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Programming with "Duh" Typing

370 replies on 25 pages. Most recent reply: Aug 8, 2007 9:54 AM by James Watson

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James Watson

Posts: 2024
Nickname: watson
Registered: Sep, 2005

Re: Programming with "Duh" Typing Posted: Jul 31, 2007 6:50 AM
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> > You being pretty forgiving by addressing only the point
> > that Achilleas wants to argue.
> >
> > What he keeps avoiding is addressing the other parts of
> > our argument. Most of the life of an application will
> be
> > spent in maintenance and I believe that most of the
> cost
> > of an application is in maintenance and enhancements.
>
> Dynamic typing can make maintenance faster: you run the
> program, you pause it, you modify it, and when the results
> are satisfactory, you run the tests and if the tests are
> successful you release the code.

What makes you think that's faster than automation?

James Watson

Posts: 2024
Nickname: watson
Registered: Sep, 2005

Re: Programming with "Duh" Typing Posted: Jul 31, 2007 6:51 AM
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> > A day and a half later the thing bombs out because in a
> > rarely executed branch he typed inptu_vector instead of
> > input_vector.
> >
> > That's not exactly fun...
>
> So you mean the code that bombs out was not tested?
>
> oh, the horror! :-)

He's talking about testing.

Isaac Gouy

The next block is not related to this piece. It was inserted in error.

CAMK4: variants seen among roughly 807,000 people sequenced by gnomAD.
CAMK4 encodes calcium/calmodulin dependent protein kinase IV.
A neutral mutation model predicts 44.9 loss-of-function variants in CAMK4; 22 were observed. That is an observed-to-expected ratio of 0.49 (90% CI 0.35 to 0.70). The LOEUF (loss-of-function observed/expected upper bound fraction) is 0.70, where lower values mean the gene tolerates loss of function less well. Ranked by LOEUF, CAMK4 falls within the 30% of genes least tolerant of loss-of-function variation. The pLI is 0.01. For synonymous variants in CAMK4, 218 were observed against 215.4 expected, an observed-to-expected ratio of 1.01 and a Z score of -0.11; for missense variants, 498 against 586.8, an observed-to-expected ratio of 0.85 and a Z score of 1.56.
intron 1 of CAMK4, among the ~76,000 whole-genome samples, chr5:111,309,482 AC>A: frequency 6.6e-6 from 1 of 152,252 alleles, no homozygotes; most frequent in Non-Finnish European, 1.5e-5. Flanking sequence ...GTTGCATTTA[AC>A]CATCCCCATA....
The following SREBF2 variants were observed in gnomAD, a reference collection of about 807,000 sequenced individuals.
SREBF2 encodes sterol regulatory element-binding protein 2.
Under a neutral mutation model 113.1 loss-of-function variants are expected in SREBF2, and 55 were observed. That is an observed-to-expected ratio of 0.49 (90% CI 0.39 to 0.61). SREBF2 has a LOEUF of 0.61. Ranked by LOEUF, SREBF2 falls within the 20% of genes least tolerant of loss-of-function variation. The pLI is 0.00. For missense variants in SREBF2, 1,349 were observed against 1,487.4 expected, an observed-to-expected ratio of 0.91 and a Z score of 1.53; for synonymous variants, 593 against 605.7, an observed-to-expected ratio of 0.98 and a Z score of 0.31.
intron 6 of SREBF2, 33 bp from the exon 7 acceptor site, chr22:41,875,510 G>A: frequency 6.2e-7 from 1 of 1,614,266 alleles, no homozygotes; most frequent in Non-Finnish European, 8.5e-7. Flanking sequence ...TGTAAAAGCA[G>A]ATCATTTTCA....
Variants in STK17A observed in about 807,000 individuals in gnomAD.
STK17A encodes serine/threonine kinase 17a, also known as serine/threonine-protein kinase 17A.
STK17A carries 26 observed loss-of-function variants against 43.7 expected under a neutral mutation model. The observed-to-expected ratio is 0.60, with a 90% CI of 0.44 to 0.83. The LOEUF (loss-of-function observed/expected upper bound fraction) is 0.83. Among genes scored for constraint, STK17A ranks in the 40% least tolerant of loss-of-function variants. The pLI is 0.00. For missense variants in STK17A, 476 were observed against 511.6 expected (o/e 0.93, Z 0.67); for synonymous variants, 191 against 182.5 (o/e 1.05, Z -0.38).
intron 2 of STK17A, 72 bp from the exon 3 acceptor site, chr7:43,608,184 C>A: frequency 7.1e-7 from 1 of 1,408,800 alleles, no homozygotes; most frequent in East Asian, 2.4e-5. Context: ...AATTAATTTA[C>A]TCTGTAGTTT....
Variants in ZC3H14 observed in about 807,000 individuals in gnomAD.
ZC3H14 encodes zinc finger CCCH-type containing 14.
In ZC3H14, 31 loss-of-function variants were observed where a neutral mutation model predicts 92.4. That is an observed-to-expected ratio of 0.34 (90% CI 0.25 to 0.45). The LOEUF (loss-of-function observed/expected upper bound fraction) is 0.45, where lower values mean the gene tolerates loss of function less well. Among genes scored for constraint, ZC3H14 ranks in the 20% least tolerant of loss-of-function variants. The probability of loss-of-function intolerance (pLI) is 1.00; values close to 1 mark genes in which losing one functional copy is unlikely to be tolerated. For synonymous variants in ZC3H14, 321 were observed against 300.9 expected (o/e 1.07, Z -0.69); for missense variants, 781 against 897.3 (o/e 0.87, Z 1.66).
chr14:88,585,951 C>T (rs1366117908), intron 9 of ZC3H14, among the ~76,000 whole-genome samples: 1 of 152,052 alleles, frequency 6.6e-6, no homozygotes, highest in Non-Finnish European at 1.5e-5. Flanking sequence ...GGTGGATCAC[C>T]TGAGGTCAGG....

Posts: 527
Nickname: igouy
Registered: Jul, 2003

Re: word games Posted: Jul 31, 2007 10:25 AM
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James Watson wrote

> > Where is it commonly understood that 'correct' means
> > "meets all requirements"?
>
> On earth. You should visit sometime.

Why didn't you provide a Google define url for "correct"?

http://www.google.com/search?hl=en&q=define%3A+correct&btnG=Search

How strange! There's no mention of requirements, let alone "meets all requirements".


> The definition of specification that would apply here
> would be: "precise documentation of requirements." I love
> that you accused me of 'quarreling over definitions'.

The definition of specification that would apply here would be a definition of software specification - not some random jumble of general definitions from other fields.


> Do you mean, a software application with no requirements
> is correct? Or more clearly, a software application with
> no requirements cannot be incorrect. ...

I mean your indulging in absurd word games, without any relevance to what we know or don't know about programming.

Petrik de Heus

Posts: 19
Nickname: p8
Registered: Jul, 2007

Re: Programming with "Duh" Typing Posted: Jul 31, 2007 10:30 AM
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> A day and a half later the thing bombs out because in a